The three great American poets represented here played distinctive and contrasting roles in relation to their printed works. Walt Whitman (1819-1892) participated in every aspect of the production and marketing of his poetry, reshaping and repackaging Leaves of Grass through many editions. Frances Watkins Harper (1825-1911) sold her inexpensive volumes individually as she toured the country as a lecturer, converting the proceeds into activism. Emily Dickinson (1830-1886), too reticent to publish, bequeathed her poetic legacy to later editors to discover and excavate afresh.

Walt Whitman (1819–1892). Leaves of Grass. Brooklyn: [Walt Whitman (Rome Bros.)], 1855. Robert H. Taylor, Class of 1930.

First published in 1855, Leaves of Grass began as a set of twelve revolutionary poems that Whitman would continue to revise and expand radically throughout his long career. Although seven distinct American editions were published before his death in 1892, the poet was never able to surpass the groundbreaking originality of the first edition, which remains the truest manifestation of his inventive genius and democratic spirit.

Walt Whitman (1819–1892). Manuscript fragments from “A Backward Glance O’er Travel’d Roads,” [ ca. 1888]. Sylvia Beach Papers.

Framed fragments of Whitman’s working manuscripts once decorated the interior walls of Sylvia Beach’s celebrated Paris bookshop, Shakespeare and Company. According to Beach, such snippets “littered the floor” of Whitman’s home in Camden, New Jersey, and were given to her aunt, Agnes Orbison, during a visit to the poet. First published in November Boughs (1888), the exhibited text was composed on the verso of a Texas schoolboy’s 1885 fan letter.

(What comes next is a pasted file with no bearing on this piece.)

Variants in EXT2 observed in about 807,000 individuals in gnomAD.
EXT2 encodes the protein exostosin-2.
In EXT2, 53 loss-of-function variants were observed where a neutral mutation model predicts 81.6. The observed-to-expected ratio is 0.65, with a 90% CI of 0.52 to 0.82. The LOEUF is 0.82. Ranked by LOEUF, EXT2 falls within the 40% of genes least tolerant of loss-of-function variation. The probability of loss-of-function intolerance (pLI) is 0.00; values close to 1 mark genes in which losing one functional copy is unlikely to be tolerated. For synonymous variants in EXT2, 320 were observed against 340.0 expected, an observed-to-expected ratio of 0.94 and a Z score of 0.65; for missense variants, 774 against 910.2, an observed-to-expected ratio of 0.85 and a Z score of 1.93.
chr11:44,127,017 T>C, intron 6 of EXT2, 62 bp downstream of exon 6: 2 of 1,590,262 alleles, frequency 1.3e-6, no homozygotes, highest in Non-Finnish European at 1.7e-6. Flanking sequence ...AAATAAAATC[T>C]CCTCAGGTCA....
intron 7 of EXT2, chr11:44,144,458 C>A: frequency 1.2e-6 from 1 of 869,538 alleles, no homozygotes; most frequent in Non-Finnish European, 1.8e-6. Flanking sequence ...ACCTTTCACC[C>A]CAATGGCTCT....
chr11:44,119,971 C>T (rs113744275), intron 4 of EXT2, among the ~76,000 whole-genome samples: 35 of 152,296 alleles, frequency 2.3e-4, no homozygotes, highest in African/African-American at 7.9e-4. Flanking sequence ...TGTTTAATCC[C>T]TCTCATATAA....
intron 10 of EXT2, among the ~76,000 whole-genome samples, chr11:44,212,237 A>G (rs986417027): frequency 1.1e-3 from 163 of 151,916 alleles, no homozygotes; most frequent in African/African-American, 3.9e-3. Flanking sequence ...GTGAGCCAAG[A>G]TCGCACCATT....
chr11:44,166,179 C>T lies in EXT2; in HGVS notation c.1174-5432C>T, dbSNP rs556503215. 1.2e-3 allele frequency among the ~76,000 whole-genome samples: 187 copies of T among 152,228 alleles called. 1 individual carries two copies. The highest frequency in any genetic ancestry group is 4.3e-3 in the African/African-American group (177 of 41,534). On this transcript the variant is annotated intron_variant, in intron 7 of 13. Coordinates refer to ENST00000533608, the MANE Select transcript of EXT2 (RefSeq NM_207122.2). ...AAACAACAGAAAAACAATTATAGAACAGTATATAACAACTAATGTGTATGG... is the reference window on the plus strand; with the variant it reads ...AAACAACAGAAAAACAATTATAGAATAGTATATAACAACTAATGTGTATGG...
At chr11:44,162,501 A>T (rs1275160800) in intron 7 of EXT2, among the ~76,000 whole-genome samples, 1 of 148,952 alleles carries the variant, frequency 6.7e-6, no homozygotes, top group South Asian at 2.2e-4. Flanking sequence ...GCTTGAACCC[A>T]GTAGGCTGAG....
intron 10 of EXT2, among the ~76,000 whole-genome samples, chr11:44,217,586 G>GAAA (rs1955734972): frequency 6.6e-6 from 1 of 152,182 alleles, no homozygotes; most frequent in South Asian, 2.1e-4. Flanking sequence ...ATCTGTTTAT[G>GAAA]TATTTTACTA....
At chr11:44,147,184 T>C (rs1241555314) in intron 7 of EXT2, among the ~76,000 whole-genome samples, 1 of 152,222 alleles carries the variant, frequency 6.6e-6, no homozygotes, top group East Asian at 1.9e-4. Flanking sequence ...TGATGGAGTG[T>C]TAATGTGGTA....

Ralph Waldo Emerson (1803–1882). Letter to Walt Whitman. [New York: Privately printed]: 21 July 1855. Robert H. Taylor, Class of 1930.

“I am not blind to the worth of the wonderful gift of Leaves of Grass” wrote Ralph Waldo Emerson in a letter to Whitman on July 21, 1855. In turn, Whitman recognized the worth of Emerson’s praise. Although private correspondence, Whitman published the letter in full and used excerpts of Emerson’s words, “I greet you at the beginning of a remarkable career,” to advertise subsequent editions of Leaves of Grass.

Review of Leaves of Grass. Extract from Putnam’s Monthly [New York], September, 1855. Robert H. Taylor, Class of 1930.

In contrast to Emerson’s strong endorsement, many reviews of the first edition of Leaves of Grass reflected an inability to see beyond the unorthodox style of the poetry, an originality that led the reviewer for Putnam’s Monthly to describe Whitman’s greatest work as “a curious and lawless collection of poems.”

Walt Whitman’s Books: Leaves of Grass ... Democratic Vistas [etc.]. Broadside. [n.p., 1872?].

As a former printer and newspaper editor in New York, Whitman was heavily involved in the design, production, and marketing of his books. He is believed to have designed the gold-tooled floral cover of the 1855 first edition of Leaves of Grass, and he almost certainly had a hand in the typographic layout (using nine different fonts) of this 1870s broadside “show bill” advertising four of his works.

Frances Ellen Watkins [Harper] (1825–1911). Poems on Miscellaneous Subjects. Preface by William Lloyd Garrison. Boston: J. B. Yerrinton & Son, 1854.

Widely acclaimed for her achievements as a poet, novelist, orator, abolitionist, and suffragist, Frances Ellen Watkins Harper was fourteen when she began publishing poems of protest in anti-slavery newspapers. Her long-lost first volume of poetry, Forest Leaves (Baltimore, ca. 1849), survives in only two known copies. Nationwide success accompanied the publication of the exhibited Poems (1854), which included her essays on “Christianity,” “The Bible,” and “The Colored People in America.”